The father-in-law of an Indian-origin man believed to have taken his family into Islamic State (ISIS)-held territory in Syria has asked the UK government to take responsibility for allowing radical Islamist preachers to influence British Muslims.
Mohammed Tariq's daughter, Aisha, had travelled to Syria with her husband, Siddhartha Dhar, and their five children.
Tariq, the 63-year-old shopkeeper from east London, said he was completely against the terrorist group and had pleaded with his daughter and son-in-law to drop their radical views.
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"I just can't make them understand. I am very worried," he told 'The Sunday Times'.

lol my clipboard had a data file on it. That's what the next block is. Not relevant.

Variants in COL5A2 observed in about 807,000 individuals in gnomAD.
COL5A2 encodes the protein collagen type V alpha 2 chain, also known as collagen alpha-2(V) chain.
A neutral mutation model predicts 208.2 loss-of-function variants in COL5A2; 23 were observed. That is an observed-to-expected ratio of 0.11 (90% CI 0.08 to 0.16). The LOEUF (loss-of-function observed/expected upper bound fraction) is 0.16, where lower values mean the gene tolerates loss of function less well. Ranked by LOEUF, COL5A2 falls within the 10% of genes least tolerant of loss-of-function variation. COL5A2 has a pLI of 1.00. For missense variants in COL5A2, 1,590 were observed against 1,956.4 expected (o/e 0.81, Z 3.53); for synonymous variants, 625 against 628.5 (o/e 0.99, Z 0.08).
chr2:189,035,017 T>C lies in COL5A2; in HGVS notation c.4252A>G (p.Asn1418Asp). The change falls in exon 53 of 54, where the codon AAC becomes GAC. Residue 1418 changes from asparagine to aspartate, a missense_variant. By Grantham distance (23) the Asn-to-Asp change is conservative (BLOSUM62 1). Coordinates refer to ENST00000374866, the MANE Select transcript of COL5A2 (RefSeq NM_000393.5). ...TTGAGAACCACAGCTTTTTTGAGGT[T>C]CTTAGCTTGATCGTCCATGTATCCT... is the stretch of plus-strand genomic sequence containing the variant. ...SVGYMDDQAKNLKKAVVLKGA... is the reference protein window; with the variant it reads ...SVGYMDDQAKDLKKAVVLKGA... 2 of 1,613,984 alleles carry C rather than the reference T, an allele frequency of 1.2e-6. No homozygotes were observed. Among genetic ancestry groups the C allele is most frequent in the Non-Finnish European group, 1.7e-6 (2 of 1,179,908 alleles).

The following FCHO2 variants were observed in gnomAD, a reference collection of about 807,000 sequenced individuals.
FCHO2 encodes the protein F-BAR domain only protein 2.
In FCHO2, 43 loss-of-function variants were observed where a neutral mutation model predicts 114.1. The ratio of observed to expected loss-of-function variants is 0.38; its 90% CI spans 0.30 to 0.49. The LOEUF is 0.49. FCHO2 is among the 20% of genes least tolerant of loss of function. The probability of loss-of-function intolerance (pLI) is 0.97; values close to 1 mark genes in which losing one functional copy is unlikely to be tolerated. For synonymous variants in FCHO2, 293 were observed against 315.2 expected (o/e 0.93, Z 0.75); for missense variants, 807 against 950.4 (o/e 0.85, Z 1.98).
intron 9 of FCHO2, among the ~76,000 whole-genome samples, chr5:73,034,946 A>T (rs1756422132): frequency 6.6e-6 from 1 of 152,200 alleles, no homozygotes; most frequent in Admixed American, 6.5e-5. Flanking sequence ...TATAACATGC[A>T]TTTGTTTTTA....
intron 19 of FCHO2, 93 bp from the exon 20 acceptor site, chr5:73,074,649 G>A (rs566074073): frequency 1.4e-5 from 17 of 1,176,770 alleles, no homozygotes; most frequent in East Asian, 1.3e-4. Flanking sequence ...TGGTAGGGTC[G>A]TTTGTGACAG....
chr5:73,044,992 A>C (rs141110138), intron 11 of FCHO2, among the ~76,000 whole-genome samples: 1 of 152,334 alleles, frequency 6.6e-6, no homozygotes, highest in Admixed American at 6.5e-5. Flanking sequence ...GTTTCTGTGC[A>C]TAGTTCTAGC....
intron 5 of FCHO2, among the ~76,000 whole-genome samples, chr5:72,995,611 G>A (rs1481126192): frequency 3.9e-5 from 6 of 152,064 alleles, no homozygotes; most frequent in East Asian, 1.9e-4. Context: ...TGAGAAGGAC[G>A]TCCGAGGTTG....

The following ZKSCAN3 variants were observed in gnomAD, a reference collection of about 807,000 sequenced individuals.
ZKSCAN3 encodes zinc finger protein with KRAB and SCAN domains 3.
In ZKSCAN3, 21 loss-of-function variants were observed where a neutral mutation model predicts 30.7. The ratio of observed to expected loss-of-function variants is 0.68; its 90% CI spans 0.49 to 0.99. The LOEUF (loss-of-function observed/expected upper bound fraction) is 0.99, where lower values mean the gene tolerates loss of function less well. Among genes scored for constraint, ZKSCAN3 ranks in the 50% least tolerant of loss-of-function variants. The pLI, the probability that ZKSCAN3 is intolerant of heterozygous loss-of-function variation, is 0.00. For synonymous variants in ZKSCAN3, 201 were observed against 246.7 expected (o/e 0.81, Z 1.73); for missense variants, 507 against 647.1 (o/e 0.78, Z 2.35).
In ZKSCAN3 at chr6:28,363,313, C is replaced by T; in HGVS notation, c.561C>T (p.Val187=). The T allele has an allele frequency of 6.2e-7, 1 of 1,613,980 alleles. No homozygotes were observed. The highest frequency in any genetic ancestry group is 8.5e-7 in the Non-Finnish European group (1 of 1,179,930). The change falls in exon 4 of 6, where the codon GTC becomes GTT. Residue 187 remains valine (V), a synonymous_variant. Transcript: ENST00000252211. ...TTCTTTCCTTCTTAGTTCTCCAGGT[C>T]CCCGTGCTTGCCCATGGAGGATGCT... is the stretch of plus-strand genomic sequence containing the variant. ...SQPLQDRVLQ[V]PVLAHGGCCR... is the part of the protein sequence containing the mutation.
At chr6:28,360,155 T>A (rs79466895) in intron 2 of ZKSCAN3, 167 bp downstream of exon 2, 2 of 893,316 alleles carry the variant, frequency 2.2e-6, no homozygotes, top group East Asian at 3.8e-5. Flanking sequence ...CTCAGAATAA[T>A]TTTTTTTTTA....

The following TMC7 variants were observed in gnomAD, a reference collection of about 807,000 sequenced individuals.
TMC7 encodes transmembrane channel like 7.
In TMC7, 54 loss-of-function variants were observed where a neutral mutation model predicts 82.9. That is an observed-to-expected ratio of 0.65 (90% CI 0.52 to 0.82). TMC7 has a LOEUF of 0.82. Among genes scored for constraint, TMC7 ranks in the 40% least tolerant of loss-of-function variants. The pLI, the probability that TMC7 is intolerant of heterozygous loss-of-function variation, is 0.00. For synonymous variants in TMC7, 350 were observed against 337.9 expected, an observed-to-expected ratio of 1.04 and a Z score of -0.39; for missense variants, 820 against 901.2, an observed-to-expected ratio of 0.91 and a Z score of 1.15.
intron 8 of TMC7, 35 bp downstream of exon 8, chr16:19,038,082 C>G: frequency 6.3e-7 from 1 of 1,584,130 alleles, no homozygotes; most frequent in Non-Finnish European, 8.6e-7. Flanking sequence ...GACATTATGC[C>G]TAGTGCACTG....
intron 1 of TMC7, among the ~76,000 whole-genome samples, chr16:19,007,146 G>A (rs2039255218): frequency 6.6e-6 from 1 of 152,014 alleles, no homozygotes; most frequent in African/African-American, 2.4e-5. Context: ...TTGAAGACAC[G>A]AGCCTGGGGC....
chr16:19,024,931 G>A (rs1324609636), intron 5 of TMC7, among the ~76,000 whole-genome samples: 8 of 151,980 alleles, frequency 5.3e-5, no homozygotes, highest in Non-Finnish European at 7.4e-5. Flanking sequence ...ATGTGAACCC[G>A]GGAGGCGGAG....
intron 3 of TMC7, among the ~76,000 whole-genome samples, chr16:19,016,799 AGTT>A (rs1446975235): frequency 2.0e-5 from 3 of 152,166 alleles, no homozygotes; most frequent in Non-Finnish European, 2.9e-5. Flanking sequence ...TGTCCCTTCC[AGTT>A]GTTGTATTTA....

"Omar Bakri (radical preacher) was preaching in English and that's how he caught these children... The British allowed him to speak," he said.
Dhar, also known as Abu Rumaysah, is believed to be a disciple of Anjem Choudary and Omar Bakri Muhammad - two extremist preachers who once led the banned group Al
Dhar, who was reportedly brought up a Hindu before converting to Islam, is now believed to be a recruiter and propagandist for the ISIS.
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He was one of nine men, including Choudary, arrested on suspicion of terrorism-related offences in September, 2014. After being released on bail, the 31-year-old and his
wife, then heavily pregnant, fled Britain with their four children.
He announced their arrival in Syria weeks later by posting a photo online, holding his newborn son in one hand and an assault rifle in the other.
Tariq, who arrived in Britain from Pakistan in 1975, said his wife had tried to persuade Aisha and Dhar to follow a more moderate form of Islam.
"She is against what they have done. She tried very much for them not to go this way, to follow a good sheikh instead," he said.